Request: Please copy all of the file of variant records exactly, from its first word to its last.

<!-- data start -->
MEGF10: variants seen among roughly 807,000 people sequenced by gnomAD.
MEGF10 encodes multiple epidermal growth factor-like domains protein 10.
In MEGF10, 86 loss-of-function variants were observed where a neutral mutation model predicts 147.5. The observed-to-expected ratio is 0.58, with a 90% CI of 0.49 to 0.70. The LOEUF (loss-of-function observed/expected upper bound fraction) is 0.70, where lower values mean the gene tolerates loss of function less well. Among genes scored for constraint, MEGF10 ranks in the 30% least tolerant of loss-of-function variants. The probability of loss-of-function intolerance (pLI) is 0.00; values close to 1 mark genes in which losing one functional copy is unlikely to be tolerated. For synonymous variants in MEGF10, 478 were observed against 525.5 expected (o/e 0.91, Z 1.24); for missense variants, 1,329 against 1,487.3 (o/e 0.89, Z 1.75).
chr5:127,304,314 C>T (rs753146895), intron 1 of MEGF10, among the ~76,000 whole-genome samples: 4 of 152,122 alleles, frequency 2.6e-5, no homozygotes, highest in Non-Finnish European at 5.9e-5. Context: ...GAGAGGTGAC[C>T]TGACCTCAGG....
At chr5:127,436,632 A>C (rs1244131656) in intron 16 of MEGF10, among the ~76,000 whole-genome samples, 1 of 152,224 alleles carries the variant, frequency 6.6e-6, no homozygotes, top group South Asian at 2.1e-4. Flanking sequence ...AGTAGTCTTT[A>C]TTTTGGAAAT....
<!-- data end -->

MEGF10: variants seen among roughly 807,000 people sequenced by gnomAD.
MEGF10 encodes multiple epidermal growth factor-like domains protein 10.
In MEGF10, 86 loss-of-function variants were observed where a neutral mutation model predicts 147.5. The observed-to-expected ratio is 0.58, with a 90% CI of 0.49 to 0.70. The LOEUF (loss-of-function observed/expected upper bound fraction) is 0.70, where lower values mean the gene tolerates loss of function less well. Among genes scored for constraint, MEGF10 ranks in the 30% least tolerant of loss-of-function variants. The probability of loss-of-function intolerance (pLI) is 0.00; values close to 1 mark genes in which losing one functional copy is unlikely to be tolerated. For synonymous variants in MEGF10, 478 were observed against 525.5 expected (o/e 0.91, Z 1.24); for missense variants, 1,329 against 1,487.3 (o/e 0.89, Z 1.75).
chr5:127,304,314 C>T (rs753146895), intron 1 of MEGF10, among the ~76,000 whole-genome samples: 4 of 152,122 alleles, frequency 2.6e-5, no homozygotes, highest in Non-Finnish European at 5.9e-5. Context: ...GAGAGGTGAC[C>T]TGACCTCAGG....
At chr5:127,436,632 A>C (rs1244131656) in intron 16 of MEGF10, among the ~76,000 whole-genome samples, 1 of 152,224 alleles carries the variant, frequency 6.6e-6, no homozygotes, top group South Asian at 2.1e-4. Flanking sequence ...AGTAGTCTTT[A>C]TTTTGGAAAT....